Dunk Dials In

Some excellent work by Justin Dunk analyzing a few key plays from the last couple games. Really good breakdown and terminology. Justin, who was a Ticat.ca beat writer & now a CFL.ca contributor, is fast becoming one of the good ones to read.

First ... Last week ... http://www.cfl.ca/article/dunk-a-famili ... steel-town

Dunk Dials In

It has been well documented the challenges the Ticats have had stopping the run through five weeks of the CFL season. Last week, RB Korey Sheets ecplipsed the 100-plus-yard mark. So let’s dial in and breakdown a couple of Sheets’ carries from Week 5.

In the second quarter with just over 5 minutes remaining before halftime, Riders down 17-12 and driving, the Green and White turned to their potent rushing attack. Saskatchewan lined up with an extra offensive lineman at tight end to the right, number 77 Dan Clark, with quarterback Drew Willy in shotgun and Sheets directly behind him in pistol formation. At the snap of the football Hamilton has eight defenders in the box, which Saskatchewan matches when receiver Chris Getzlaf motions in late. That gives the Riders a numbers advantage, with an even eight blockers for eight Ticat defenders.

However, it could have been Hamilton outmanning Saskatchewan at the point of attack. When Getzlaf came back into the box, Raymond Brown, the defensive back responsible for Getzlaf in coverage – remember we don’t know the exact defensive assignments – likely was supposed to ‘add in’. In other words, Brown should have added himself into the box when he saw Getzlaf motion in to block.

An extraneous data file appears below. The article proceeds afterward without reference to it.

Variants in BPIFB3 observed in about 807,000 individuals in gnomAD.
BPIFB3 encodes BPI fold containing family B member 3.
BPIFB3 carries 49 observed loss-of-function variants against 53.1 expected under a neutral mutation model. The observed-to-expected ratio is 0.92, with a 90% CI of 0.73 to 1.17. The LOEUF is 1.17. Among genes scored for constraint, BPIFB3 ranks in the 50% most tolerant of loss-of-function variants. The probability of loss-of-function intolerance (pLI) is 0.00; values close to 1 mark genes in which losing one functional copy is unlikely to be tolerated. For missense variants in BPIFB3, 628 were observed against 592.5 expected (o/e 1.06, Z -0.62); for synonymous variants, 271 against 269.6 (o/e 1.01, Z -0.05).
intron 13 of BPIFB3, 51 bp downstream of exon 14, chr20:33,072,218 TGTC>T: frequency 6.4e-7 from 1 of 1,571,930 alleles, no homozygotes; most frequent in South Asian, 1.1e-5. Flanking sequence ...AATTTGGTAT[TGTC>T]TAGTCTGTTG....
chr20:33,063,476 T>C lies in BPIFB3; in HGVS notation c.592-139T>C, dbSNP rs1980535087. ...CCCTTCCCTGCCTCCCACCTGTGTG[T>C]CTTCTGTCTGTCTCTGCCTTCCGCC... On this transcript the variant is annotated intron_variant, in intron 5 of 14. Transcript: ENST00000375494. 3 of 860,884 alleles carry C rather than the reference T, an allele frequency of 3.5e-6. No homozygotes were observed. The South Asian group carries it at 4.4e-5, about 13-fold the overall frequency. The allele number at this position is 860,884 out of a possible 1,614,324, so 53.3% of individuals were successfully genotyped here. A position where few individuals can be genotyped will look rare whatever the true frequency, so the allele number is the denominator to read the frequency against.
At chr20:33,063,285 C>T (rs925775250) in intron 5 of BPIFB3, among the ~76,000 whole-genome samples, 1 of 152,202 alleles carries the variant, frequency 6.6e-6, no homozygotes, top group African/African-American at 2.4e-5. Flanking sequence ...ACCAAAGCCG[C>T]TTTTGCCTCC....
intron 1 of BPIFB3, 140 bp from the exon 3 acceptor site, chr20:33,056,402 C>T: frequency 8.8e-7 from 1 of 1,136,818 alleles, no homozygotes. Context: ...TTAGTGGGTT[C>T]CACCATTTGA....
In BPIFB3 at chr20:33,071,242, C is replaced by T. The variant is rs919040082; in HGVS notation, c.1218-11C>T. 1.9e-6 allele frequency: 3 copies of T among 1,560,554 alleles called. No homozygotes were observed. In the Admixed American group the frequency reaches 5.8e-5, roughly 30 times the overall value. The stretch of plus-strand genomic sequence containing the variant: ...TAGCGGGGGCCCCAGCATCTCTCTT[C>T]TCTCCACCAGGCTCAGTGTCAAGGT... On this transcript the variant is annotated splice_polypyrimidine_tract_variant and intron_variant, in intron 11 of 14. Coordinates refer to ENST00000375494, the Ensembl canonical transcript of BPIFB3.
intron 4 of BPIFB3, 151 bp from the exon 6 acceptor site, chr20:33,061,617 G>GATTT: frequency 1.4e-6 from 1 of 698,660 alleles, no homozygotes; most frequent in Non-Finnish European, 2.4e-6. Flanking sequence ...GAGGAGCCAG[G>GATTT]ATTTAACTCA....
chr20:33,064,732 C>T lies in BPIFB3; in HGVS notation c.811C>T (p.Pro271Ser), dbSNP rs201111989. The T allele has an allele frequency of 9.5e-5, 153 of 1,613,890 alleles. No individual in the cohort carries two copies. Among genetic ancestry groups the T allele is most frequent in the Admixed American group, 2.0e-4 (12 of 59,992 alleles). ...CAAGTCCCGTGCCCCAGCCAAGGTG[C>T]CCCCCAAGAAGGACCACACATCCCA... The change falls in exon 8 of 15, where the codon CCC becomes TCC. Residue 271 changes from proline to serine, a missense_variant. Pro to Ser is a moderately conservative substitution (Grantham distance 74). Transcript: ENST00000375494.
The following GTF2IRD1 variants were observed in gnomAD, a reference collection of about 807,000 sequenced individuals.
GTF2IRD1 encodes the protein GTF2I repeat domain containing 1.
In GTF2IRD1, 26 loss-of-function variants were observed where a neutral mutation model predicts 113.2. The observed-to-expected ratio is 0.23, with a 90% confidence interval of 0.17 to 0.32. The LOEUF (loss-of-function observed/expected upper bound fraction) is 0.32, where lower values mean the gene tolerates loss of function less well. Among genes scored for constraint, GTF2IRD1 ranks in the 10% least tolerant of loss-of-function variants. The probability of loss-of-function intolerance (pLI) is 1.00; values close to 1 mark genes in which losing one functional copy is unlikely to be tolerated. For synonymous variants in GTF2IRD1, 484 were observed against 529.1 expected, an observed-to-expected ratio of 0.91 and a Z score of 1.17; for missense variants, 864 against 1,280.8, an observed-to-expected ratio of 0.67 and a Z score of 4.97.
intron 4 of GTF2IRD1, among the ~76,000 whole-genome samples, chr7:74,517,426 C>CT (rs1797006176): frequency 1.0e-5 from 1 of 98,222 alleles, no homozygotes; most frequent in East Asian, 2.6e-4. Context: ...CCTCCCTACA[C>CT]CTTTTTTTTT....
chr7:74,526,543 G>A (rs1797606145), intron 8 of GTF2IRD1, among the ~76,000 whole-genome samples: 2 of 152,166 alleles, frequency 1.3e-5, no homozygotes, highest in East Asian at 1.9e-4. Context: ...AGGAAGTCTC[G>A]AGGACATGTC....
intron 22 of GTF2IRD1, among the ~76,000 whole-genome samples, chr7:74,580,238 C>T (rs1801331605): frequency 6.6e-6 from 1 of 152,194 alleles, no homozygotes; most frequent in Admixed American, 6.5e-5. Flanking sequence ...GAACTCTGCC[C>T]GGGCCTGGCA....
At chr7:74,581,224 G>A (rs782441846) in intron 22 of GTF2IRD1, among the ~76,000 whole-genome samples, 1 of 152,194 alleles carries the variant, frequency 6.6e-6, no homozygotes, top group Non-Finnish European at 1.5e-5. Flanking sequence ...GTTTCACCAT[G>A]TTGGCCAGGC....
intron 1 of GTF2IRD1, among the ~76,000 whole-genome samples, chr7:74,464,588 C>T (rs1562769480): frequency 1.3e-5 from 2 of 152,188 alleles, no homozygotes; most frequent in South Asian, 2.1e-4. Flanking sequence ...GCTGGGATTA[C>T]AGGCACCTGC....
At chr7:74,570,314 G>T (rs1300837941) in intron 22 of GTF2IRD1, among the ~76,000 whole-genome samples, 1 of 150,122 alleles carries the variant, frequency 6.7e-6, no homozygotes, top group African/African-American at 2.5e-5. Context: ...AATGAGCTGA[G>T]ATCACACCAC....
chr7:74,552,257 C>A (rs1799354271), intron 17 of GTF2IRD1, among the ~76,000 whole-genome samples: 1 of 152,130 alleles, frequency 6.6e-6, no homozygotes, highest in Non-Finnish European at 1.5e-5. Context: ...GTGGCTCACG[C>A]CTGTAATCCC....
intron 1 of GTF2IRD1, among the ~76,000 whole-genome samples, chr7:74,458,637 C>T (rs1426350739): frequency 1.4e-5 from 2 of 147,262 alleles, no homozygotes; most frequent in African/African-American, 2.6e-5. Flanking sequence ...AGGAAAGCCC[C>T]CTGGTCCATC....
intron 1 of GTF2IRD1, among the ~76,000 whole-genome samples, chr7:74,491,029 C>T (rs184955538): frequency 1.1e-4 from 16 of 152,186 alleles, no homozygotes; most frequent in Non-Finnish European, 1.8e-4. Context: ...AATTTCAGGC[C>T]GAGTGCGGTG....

Instead Brown stayed out in no man’s land, which proved costly for Hamilton. Saskatchewan dialed up a zone running play to the right. The Riders offensive line did a near perfect job using their zone rules to get a body on a body, chip and climb to the second level. Getzlaf kicked out the contain defender and because Brown didn’t fill the run gap after Getzlaf motioned in to block, Sheets ripped off a 20-yard run and wasn’t touched until he was brought down. A simple fill by Brown could have limited the run to a short gain.

Now, the very next play. Saskatchewan lines up in a double tight end set with no receiver lined up on the weak or short side. Brown makes the right decision this time and adds into the box, covering up the tight end with no receiver to cover on his side of the field. Thanks to Brown bringing himself into the box, Hamilton has the numbers advantage, eights defenders to seven Rider blockers.

Once again Saskatchewan calls a zone running play to the right and short side of the field. Hamilton gets a free defender to the football based on simple numbers. It’s strong side linebacker Brandon Isaac, who’s forced to chase the play down from behind. If Sheets had turned back inside Isaac could have stopped him for a short gain.

Instead Brown, a defensive back trying to take on and shed an offensive lineman, can’t keep contain on the short side. Sheets easily saw that Brown had been sealed and kicks it outside for a gain of 17 before stepping out of bounds, untouched. On the ensuing play, the Riders scored a touchdown to take the lead for good.


And from the week before ... http://www.cfl.ca/article/dunk-isaac-br ... e-of-words
Dunk Dials In

In the front end of the Ticats and Riders home-and-home set, a 37-0 shutout win for Saskatchewan, the game was changed on a pair of Rob Bagg touchdown catches that were allowed way too easily by the Ticats defence.